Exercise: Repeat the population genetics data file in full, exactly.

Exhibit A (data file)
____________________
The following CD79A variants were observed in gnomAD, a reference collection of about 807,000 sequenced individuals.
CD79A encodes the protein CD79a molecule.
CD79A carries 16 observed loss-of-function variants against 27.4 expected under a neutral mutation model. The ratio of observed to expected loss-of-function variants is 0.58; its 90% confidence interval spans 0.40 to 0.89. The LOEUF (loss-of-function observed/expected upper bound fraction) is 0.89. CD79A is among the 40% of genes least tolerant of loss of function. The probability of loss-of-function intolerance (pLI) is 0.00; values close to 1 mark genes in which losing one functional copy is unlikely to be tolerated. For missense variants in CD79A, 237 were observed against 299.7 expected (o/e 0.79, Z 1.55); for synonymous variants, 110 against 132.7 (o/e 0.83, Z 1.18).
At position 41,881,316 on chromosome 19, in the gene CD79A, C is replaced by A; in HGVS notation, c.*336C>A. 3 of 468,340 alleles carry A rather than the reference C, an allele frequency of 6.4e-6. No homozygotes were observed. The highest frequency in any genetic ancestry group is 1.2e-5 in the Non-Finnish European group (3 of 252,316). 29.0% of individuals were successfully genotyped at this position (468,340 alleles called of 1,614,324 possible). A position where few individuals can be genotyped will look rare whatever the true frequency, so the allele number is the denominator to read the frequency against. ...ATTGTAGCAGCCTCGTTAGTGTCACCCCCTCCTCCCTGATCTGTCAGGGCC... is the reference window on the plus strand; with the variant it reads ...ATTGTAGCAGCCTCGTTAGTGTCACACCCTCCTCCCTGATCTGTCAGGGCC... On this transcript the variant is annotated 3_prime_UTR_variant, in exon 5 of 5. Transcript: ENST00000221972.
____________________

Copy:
The following CD79A variants were observed in gnomAD, a reference collection of about 807,000 sequenced individuals.
CD79A encodes the protein CD79a molecule.
CD79A carries 16 observed loss-of-function variants against 27.4 expected under a neutral mutation model. The ratio of observed to expected loss-of-function variants is 0.58; its 90% confidence interval spans 0.40 to 0.89. The LOEUF (loss-of-function observed/expected upper bound fraction) is 0.89. CD79A is among the 40% of genes least tolerant of loss of function. The probability of loss-of-function intolerance (pLI) is 0.00; values close to 1 mark genes in which losing one functional copy is unlikely to be tolerated. For missense variants in CD79A, 237 were observed against 299.7 expected (o/e 0.79, Z 1.55); for synonymous variants, 110 against 132.7 (o/e 0.83, Z 1.18).
At position 41,881,316 on chromosome 19, in the gene CD79A, C is replaced by A; in HGVS notation, c.*336C>A. 3 of 468,340 alleles carry A rather than the reference C, an allele frequency of 6.4e-6. No homozygotes were observed. The highest frequency in any genetic ancestry group is 1.2e-5 in the Non-Finnish European group (3 of 252,316). 29.0% of individuals were successfully genotyped at this position (468,340 alleles called of 1,614,324 possible). A position where few individuals can be genotyped will look rare whatever the true frequency, so the allele number is the denominator to read the frequency against. ...ATTGTAGCAGCCTCGTTAGTGTCACCCCCTCCTCCCTGATCTGTCAGGGCC... is the reference window on the plus strand; with the variant it reads ...ATTGTAGCAGCCTCGTTAGTGTCACACCCTCCTCCCTGATCTGTCAGGGCC... On this transcript the variant is annotated 3_prime_UTR_variant, in exon 5 of 5. Transcript: ENST00000221972.